Sad News: Milfred Fierce
I am very sorry to let you know the sad news that Professor Milfred Fierce died yesterday. Professor Fierce’s impact on Vassar past and present has been profound, and he will be deeply missed by his colleagues, students, friends, and the community.
Professor Fierce was the first director of Vassar’s Urban Center for Black Studies established in 1969—one of the first such programs in the country. His advocacy was central to Vassar creating a major in Black Studies long before other peer schools did so. Critical to Professor Fierce’s vision for education in Black Studies was its location in the heart of the Black community in the City of Poughkeepsie. Under Professor Fierce’s direction, the Black Studies program at Vassar College became a model for subsequent programs in the country. Professor Fierce was also a scholar, known for his book, Slavery Revisited: Blacks and the Southern Convict Lease System 1865–1993.
Professor Fierce’s commitment to students was unparalleled. Inspired by his leadership, Vassar students played a pivotal role in a larger social movement, as the transformative Main Building takeover in 1969 became part of the nationwide modern Civil Rights Movement and the National Black Student Movement. He supported them through the takeover, which led to Black Studies becoming a major and the integration of Black Studies and subsequently Africana Studies into the Vassar curriculum. In 2019, Professor Fierce returned to campus for the 50th anniversary celebration of Africana Studies and reflected “Vassar has no comparison…I can’t imagine my life without it.” Learn more about Professor Fierce and the anniversary event here.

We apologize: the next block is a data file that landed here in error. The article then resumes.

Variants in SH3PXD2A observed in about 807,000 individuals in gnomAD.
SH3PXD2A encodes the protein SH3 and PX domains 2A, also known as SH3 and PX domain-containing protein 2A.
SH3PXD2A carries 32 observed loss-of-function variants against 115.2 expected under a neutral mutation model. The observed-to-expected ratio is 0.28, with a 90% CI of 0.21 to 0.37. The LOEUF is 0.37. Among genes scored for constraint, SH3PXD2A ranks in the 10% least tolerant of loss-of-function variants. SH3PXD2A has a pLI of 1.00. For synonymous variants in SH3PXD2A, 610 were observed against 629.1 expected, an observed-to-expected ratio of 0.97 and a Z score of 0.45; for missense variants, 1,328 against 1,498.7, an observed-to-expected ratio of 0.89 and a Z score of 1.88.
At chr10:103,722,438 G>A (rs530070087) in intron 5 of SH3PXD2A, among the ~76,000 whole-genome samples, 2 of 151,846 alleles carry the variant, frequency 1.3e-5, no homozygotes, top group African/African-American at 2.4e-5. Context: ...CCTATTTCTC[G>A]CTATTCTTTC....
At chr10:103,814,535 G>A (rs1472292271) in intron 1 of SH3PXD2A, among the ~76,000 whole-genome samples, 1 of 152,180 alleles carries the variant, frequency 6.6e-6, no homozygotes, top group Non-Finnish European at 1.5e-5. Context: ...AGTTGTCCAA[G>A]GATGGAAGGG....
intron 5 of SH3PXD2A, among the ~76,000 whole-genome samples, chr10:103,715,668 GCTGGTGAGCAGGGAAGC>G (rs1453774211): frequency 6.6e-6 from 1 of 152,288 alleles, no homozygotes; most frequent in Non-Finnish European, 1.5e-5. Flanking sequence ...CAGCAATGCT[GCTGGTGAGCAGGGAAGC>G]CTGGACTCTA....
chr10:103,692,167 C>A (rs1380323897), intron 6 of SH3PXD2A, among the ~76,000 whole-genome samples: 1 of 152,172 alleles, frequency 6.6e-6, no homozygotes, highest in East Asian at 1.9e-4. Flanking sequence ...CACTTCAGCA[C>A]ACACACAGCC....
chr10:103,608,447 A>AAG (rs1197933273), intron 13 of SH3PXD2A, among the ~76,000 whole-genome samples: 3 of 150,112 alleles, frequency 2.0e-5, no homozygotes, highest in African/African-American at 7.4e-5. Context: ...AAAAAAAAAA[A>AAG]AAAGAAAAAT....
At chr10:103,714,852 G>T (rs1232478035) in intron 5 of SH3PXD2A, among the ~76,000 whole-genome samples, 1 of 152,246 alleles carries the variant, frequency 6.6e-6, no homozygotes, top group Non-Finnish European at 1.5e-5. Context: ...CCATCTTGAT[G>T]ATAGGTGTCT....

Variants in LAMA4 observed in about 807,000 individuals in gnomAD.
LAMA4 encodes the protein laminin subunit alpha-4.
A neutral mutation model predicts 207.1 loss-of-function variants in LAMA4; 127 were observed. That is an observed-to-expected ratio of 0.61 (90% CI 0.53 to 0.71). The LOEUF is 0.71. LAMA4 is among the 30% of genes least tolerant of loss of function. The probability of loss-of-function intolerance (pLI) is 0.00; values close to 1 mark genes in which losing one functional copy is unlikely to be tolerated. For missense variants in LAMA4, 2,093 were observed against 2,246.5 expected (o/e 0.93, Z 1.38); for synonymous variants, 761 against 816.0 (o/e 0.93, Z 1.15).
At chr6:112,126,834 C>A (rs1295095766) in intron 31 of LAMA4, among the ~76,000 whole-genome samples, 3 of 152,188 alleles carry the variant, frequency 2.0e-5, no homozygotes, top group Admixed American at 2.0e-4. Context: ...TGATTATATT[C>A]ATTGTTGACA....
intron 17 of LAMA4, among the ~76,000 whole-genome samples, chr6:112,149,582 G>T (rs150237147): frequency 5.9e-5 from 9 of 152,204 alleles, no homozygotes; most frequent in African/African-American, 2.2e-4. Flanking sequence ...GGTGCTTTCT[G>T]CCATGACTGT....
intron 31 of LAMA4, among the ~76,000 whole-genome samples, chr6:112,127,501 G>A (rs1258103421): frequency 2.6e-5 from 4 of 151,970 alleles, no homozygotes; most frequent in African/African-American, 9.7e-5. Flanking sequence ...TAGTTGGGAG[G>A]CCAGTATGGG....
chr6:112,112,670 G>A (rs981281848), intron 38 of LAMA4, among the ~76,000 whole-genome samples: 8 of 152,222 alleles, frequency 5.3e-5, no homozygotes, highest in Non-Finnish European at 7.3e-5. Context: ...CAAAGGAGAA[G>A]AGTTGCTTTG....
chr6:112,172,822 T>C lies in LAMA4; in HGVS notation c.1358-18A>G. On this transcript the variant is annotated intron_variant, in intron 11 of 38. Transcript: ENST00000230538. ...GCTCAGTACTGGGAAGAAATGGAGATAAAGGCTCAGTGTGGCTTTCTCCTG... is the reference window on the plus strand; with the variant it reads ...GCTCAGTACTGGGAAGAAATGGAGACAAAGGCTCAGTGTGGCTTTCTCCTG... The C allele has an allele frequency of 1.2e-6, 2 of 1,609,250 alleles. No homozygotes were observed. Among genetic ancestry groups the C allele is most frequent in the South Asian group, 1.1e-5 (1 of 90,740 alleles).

Professor Fierce worked tirelessly against the anti-Blackness that threatens our unity as a country, and his memory serves as an unapologetic role model for inclusion and equity. Professor Fierce’s pioneering efforts were revolutionary for their time and continue to resonate today. As we grapple with persistent racial injustices, let us draw inspiration to foster community in ways that promote greater racial equity on campuses everywhere and beyond.
Elizabeth H. Bradley, President
Poughkeepsie, NY 12604